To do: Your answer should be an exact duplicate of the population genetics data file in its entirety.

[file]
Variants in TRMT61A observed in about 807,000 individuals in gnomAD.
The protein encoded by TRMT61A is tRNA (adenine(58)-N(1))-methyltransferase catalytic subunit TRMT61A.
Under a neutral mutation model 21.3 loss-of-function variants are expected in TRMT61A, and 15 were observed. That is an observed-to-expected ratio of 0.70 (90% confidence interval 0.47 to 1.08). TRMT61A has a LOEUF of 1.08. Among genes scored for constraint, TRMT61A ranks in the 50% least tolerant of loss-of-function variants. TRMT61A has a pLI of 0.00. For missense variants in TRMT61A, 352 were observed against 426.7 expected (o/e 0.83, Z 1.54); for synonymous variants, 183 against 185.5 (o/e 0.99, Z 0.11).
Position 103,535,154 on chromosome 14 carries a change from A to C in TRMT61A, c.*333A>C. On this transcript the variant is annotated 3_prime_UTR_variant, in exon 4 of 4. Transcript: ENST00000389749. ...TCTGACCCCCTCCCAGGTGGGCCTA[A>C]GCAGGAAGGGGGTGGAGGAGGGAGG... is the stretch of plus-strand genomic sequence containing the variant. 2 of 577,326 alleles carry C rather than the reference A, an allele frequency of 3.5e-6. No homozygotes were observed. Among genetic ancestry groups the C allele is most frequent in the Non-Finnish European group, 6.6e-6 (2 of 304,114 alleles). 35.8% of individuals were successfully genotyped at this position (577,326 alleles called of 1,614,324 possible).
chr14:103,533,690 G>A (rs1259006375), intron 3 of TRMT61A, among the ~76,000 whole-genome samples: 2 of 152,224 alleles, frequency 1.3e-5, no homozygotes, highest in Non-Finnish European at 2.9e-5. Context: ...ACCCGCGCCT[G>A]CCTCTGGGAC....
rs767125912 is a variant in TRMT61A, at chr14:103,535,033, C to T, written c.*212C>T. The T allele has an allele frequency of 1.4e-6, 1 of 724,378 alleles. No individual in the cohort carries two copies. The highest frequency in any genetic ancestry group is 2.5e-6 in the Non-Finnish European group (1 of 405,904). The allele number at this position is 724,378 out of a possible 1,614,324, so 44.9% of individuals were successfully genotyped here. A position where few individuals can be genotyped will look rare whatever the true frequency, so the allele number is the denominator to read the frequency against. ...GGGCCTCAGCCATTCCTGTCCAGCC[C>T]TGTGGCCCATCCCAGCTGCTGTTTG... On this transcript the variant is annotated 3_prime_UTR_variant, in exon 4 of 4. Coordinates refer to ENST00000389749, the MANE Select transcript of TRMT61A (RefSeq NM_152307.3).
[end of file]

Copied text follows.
Variants in TRMT61A observed in about 807,000 individuals in gnomAD.
The protein encoded by TRMT61A is tRNA (adenine(58)-N(1))-methyltransferase catalytic subunit TRMT61A.
Under a neutral mutation model 21.3 loss-of-function variants are expected in TRMT61A, and 15 were observed. That is an observed-to-expected ratio of 0.70 (90% confidence interval 0.47 to 1.08). TRMT61A has a LOEUF of 1.08. Among genes scored for constraint, TRMT61A ranks in the 50% least tolerant of loss-of-function variants. TRMT61A has a pLI of 0.00. For missense variants in TRMT61A, 352 were observed against 426.7 expected (o/e 0.83, Z 1.54); for synonymous variants, 183 against 185.5 (o/e 0.99, Z 0.11).
Position 103,535,154 on chromosome 14 carries a change from A to C in TRMT61A, c.*333A>C. On this transcript the variant is annotated 3_prime_UTR_variant, in exon 4 of 4. Transcript: ENST00000389749. ...TCTGACCCCCTCCCAGGTGGGCCTA[A>C]GCAGGAAGGGGGTGGAGGAGGGAGG... is the stretch of plus-strand genomic sequence containing the variant. 2 of 577,326 alleles carry C rather than the reference A, an allele frequency of 3.5e-6. No homozygotes were observed. Among genetic ancestry groups the C allele is most frequent in the Non-Finnish European group, 6.6e-6 (2 of 304,114 alleles). 35.8% of individuals were successfully genotyped at this position (577,326 alleles called of 1,614,324 possible).
chr14:103,533,690 G>A (rs1259006375), intron 3 of TRMT61A, among the ~76,000 whole-genome samples: 2 of 152,224 alleles, frequency 1.3e-5, no homozygotes, highest in Non-Finnish European at 2.9e-5. Context: ...ACCCGCGCCT[G>A]CCTCTGGGAC....
rs767125912 is a variant in TRMT61A, at chr14:103,535,033, C to T, written c.*212C>T. The T allele has an allele frequency of 1.4e-6, 1 of 724,378 alleles. No individual in the cohort carries two copies. The highest frequency in any genetic ancestry group is 2.5e-6 in the Non-Finnish European group (1 of 405,904). The allele number at this position is 724,378 out of a possible 1,614,324, so 44.9% of individuals were successfully genotyped here. A position where few individuals can be genotyped will look rare whatever the true frequency, so the allele number is the denominator to read the frequency against. ...GGGCCTCAGCCATTCCTGTCCAGCC[C>T]TGTGGCCCATCCCAGCTGCTGTTTG... On this transcript the variant is annotated 3_prime_UTR_variant, in exon 4 of 4. Coordinates refer to ENST00000389749, the MANE Select transcript of TRMT61A (RefSeq NM_152307.3).